Minnesota Bar Association
In past years, Athena Hollins has met considerable resistance when trying to inform those in the legal community about systemic racism and its implications. But not this year.
“This year has been such an insane upheaval for everyone, personally and professionally, and that includes conversations about race,” she says. “Before now, people didn’t want to talk about it, and that’s all changed. To be honest, I’m excited about it.”
As senior director of diversity and foundations for the Minnesota Bar Association, as well as the bar associations for Hennepin and Ramsey Counties, Hollins has been focusing on designing CLEs that touch on topics like systemic racism and implicit bias, as well as the nuances of drafting legislation and lobbying elected officials.
Since the associations are nonpartisan, she feels they’re able to address these topics in meaningful ways designed to bring people of all political leanings together. That’s not an easy task in today’s political climate, but Hollins’ enthusiasm and passion for these topics is infectious, and has been driving valuable, much-needed discussion within the profession.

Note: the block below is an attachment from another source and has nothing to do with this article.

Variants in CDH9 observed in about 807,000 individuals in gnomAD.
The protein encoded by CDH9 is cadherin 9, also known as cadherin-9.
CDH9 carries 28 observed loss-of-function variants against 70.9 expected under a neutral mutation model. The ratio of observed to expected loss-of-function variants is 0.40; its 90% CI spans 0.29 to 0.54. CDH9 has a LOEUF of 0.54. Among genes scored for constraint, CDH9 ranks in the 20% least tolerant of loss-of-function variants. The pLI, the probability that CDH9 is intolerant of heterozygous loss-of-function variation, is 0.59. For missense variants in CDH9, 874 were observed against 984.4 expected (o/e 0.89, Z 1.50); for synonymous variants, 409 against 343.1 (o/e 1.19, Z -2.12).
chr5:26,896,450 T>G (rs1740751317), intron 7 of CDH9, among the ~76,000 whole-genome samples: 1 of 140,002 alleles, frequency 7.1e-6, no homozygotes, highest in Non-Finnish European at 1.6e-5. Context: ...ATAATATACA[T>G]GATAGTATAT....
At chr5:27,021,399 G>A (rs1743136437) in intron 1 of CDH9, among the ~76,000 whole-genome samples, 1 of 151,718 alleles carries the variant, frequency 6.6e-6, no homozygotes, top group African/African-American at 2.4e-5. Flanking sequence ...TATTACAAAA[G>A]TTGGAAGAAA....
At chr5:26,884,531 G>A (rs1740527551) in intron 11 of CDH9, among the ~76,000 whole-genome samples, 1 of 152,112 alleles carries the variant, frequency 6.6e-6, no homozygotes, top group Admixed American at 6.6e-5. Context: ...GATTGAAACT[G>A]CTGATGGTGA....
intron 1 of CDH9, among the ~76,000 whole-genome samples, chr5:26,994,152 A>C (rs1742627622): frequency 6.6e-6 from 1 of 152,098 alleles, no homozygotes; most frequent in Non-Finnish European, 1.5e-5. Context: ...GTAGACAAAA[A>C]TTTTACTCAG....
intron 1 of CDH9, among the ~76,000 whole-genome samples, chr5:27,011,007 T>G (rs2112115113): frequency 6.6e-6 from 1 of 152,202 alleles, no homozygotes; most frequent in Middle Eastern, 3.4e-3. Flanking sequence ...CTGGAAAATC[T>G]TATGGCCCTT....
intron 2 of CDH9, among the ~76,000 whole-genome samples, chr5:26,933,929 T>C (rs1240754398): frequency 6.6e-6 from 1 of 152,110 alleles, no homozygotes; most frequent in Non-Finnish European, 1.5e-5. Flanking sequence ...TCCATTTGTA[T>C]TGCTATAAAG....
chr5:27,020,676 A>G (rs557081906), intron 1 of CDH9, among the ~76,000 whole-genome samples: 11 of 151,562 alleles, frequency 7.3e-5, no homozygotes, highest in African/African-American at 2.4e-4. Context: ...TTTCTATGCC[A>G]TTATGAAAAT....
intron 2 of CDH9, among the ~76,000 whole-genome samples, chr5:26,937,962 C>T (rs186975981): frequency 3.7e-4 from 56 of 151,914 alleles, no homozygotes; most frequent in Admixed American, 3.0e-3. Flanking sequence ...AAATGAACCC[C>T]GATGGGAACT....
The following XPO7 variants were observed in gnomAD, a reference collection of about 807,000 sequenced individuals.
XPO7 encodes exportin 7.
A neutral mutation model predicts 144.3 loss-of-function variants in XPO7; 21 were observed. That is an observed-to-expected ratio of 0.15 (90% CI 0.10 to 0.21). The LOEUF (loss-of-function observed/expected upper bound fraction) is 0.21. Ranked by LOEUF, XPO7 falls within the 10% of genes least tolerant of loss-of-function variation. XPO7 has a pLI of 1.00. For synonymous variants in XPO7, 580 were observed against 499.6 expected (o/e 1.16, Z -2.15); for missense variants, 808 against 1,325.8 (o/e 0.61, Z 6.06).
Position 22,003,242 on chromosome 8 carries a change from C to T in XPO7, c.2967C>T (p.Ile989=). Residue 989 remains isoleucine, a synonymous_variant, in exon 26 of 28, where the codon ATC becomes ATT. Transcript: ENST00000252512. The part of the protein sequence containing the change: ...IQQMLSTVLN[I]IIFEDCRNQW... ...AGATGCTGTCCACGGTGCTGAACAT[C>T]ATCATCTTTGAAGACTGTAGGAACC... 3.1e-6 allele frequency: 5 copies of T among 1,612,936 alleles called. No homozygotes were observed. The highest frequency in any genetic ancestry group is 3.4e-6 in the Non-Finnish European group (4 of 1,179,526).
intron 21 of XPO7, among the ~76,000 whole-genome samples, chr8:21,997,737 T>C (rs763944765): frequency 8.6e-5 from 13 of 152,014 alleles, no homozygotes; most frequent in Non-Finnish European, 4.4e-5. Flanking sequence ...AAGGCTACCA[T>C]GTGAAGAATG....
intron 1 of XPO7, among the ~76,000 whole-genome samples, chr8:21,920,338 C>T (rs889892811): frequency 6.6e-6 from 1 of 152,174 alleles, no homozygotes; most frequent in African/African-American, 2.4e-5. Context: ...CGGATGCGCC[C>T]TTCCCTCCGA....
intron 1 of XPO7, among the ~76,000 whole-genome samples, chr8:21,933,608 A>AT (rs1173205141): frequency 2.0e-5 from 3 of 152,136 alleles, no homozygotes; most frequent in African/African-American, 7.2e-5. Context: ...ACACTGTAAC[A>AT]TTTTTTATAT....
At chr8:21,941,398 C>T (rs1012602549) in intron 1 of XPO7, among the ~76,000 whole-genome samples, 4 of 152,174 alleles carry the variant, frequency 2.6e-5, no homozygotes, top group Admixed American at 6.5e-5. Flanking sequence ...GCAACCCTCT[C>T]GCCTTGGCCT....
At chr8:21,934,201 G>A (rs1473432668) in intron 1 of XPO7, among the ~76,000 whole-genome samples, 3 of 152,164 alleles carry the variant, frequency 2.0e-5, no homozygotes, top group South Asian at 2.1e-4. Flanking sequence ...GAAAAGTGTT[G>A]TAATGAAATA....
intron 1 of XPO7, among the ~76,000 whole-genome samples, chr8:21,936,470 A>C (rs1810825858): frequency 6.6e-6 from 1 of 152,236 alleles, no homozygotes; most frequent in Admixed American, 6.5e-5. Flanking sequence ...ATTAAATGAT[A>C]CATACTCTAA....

“I try to address the diversity topic in a way that’s empowering, and prompts deeper thought into what would be more equitable for everyone,” she says. “This is about systems that need to change, and when you can show people where the disparities are, why they’re happening, and the benefits of addressing those, they’re more open to change.”
Hollins doesn’t bring her valuable viewpoint and mission only to the legal profession, though. She’s also running for office, to be the state representative for District 66B in St. Paul, which she’s undertaking as a way to fight for systemic equity at a legislative level. She believes the murder of George Floyd highlights how elected leaders have failed Black and Brown community members, but she’s confident systems can be changed in profound ways.
“Of all the conversations I’ve been having during this crazy time, my best ones really come down to just two words,” she says. “Go vote.”
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